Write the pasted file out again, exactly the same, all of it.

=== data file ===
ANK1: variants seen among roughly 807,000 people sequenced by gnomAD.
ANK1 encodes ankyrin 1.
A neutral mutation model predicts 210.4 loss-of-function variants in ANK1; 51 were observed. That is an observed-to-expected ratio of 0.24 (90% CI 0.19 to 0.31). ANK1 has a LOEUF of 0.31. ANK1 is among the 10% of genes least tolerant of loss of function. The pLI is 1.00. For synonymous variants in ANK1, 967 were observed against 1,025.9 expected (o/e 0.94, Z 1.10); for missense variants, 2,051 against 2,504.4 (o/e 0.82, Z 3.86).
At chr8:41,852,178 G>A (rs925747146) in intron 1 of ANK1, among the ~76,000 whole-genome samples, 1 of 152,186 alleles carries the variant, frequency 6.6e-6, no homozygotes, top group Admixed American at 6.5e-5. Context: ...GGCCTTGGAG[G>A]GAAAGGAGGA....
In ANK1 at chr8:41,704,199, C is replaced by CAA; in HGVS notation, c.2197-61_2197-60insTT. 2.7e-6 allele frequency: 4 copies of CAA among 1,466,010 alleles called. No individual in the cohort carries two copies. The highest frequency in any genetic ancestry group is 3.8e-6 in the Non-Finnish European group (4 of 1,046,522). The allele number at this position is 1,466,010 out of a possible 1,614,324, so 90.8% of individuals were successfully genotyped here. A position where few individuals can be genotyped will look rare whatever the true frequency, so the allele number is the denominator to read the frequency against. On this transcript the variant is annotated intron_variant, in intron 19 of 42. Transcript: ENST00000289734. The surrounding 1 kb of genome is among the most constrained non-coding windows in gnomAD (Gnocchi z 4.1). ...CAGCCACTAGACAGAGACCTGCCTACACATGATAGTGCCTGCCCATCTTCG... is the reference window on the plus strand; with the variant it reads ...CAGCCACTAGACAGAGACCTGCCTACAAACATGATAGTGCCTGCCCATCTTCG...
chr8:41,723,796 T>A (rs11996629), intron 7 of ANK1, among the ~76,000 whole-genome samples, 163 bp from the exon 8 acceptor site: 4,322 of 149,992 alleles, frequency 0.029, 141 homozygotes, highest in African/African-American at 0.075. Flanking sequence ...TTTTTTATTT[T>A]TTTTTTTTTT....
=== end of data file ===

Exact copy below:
ANK1: variants seen among roughly 807,000 people sequenced by gnomAD.
ANK1 encodes ankyrin 1.
A neutral mutation model predicts 210.4 loss-of-function variants in ANK1; 51 were observed. That is an observed-to-expected ratio of 0.24 (90% CI 0.19 to 0.31). ANK1 has a LOEUF of 0.31. ANK1 is among the 10% of genes least tolerant of loss of function. The pLI is 1.00. For synonymous variants in ANK1, 967 were observed against 1,025.9 expected (o/e 0.94, Z 1.10); for missense variants, 2,051 against 2,504.4 (o/e 0.82, Z 3.86).
At chr8:41,852,178 G>A (rs925747146) in intron 1 of ANK1, among the ~76,000 whole-genome samples, 1 of 152,186 alleles carries the variant, frequency 6.6e-6, no homozygotes, top group Admixed American at 6.5e-5. Context: ...GGCCTTGGAG[G>A]GAAAGGAGGA....
In ANK1 at chr8:41,704,199, C is replaced by CAA; in HGVS notation, c.2197-61_2197-60insTT. 2.7e-6 allele frequency: 4 copies of CAA among 1,466,010 alleles called. No individual in the cohort carries two copies. The highest frequency in any genetic ancestry group is 3.8e-6 in the Non-Finnish European group (4 of 1,046,522). The allele number at this position is 1,466,010 out of a possible 1,614,324, so 90.8% of individuals were successfully genotyped here. A position where few individuals can be genotyped will look rare whatever the true frequency, so the allele number is the denominator to read the frequency against. On this transcript the variant is annotated intron_variant, in intron 19 of 42. Transcript: ENST00000289734. The surrounding 1 kb of genome is among the most constrained non-coding windows in gnomAD (Gnocchi z 4.1). ...CAGCCACTAGACAGAGACCTGCCTACACATGATAGTGCCTGCCCATCTTCG... is the reference window on the plus strand; with the variant it reads ...CAGCCACTAGACAGAGACCTGCCTACAAACATGATAGTGCCTGCCCATCTTCG...
chr8:41,723,796 T>A (rs11996629), intron 7 of ANK1, among the ~76,000 whole-genome samples, 163 bp from the exon 8 acceptor site: 4,322 of 149,992 alleles, frequency 0.029, 141 homozygotes, highest in African/African-American at 0.075. Flanking sequence ...TTTTTTATTT[T>A]TTTTTTTTTT....